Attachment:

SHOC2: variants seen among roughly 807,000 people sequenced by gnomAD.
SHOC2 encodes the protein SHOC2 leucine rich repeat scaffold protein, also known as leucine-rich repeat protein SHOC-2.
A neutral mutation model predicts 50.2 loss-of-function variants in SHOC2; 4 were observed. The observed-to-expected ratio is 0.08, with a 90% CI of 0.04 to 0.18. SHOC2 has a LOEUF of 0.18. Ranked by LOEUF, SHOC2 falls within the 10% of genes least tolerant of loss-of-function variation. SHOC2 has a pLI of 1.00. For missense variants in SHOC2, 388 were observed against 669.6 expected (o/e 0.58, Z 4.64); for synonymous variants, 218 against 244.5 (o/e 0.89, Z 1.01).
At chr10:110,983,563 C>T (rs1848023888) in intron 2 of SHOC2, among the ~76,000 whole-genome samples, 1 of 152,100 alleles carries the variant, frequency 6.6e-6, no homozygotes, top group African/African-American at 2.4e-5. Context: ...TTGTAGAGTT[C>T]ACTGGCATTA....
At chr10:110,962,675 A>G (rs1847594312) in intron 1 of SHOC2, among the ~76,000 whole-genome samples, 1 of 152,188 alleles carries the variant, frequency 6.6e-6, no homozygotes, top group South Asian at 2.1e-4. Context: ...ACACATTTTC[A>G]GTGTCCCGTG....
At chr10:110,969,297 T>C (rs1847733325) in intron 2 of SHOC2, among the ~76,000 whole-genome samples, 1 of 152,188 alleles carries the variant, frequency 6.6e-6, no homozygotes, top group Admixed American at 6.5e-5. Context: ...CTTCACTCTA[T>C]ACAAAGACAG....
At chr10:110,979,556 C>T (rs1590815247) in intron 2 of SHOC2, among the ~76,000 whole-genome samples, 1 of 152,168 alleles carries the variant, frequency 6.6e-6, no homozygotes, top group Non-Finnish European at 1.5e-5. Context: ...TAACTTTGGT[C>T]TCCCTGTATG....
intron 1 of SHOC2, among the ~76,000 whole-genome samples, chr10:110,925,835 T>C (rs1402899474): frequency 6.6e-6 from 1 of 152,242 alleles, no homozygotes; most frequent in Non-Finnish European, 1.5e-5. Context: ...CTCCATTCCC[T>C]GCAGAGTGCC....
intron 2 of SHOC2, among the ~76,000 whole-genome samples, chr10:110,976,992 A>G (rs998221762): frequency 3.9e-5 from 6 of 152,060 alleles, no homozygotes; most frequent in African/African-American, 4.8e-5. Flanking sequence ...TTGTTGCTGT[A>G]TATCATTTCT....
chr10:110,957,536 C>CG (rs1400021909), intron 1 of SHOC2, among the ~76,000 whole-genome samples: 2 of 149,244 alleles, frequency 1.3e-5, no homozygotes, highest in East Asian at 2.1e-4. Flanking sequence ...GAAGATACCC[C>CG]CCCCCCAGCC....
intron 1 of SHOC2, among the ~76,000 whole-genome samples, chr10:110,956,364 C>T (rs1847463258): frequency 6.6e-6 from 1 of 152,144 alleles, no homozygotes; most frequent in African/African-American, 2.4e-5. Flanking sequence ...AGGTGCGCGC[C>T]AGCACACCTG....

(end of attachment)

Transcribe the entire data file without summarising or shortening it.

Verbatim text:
SHOC2: variants seen among roughly 807,000 people sequenced by gnomAD.
SHOC2 encodes the protein SHOC2 leucine rich repeat scaffold protein, also known as leucine-rich repeat protein SHOC-2.
A neutral mutation model predicts 50.2 loss-of-function variants in SHOC2; 4 were observed. The observed-to-expected ratio is 0.08, with a 90% CI of 0.04 to 0.18. SHOC2 has a LOEUF of 0.18. Ranked by LOEUF, SHOC2 falls within the 10% of genes least tolerant of loss-of-function variation. SHOC2 has a pLI of 1.00. For missense variants in SHOC2, 388 were observed against 669.6 expected (o/e 0.58, Z 4.64); for synonymous variants, 218 against 244.5 (o/e 0.89, Z 1.01).
At chr10:110,983,563 C>T (rs1848023888) in intron 2 of SHOC2, among the ~76,000 whole-genome samples, 1 of 152,100 alleles carries the variant, frequency 6.6e-6, no homozygotes, top group African/African-American at 2.4e-5. Context: ...TTGTAGAGTT[C>T]ACTGGCATTA....
At chr10:110,962,675 A>G (rs1847594312) in intron 1 of SHOC2, among the ~76,000 whole-genome samples, 1 of 152,188 alleles carries the variant, frequency 6.6e-6, no homozygotes, top group South Asian at 2.1e-4. Context: ...ACACATTTTC[A>G]GTGTCCCGTG....
At chr10:110,969,297 T>C (rs1847733325) in intron 2 of SHOC2, among the ~76,000 whole-genome samples, 1 of 152,188 alleles carries the variant, frequency 6.6e-6, no homozygotes, top group Admixed American at 6.5e-5. Context: ...CTTCACTCTA[T>C]ACAAAGACAG....
At chr10:110,979,556 C>T (rs1590815247) in intron 2 of SHOC2, among the ~76,000 whole-genome samples, 1 of 152,168 alleles carries the variant, frequency 6.6e-6, no homozygotes, top group Non-Finnish European at 1.5e-5. Context: ...TAACTTTGGT[C>T]TCCCTGTATG....
intron 1 of SHOC2, among the ~76,000 whole-genome samples, chr10:110,925,835 T>C (rs1402899474): frequency 6.6e-6 from 1 of 152,242 alleles, no homozygotes; most frequent in Non-Finnish European, 1.5e-5. Context: ...CTCCATTCCC[T>C]GCAGAGTGCC....
intron 2 of SHOC2, among the ~76,000 whole-genome samples, chr10:110,976,992 A>G (rs998221762): frequency 3.9e-5 from 6 of 152,060 alleles, no homozygotes; most frequent in African/African-American, 4.8e-5. Flanking sequence ...TTGTTGCTGT[A>G]TATCATTTCT....
chr10:110,957,536 C>CG (rs1400021909), intron 1 of SHOC2, among the ~76,000 whole-genome samples: 2 of 149,244 alleles, frequency 1.3e-5, no homozygotes, highest in East Asian at 2.1e-4. Flanking sequence ...GAAGATACCC[C>CG]CCCCCCAGCC....
intron 1 of SHOC2, among the ~76,000 whole-genome samples, chr10:110,956,364 C>T (rs1847463258): frequency 6.6e-6 from 1 of 152,144 alleles, no homozygotes; most frequent in African/African-American, 2.4e-5. Flanking sequence ...AGGTGCGCGC[C>T]AGCACACCTG....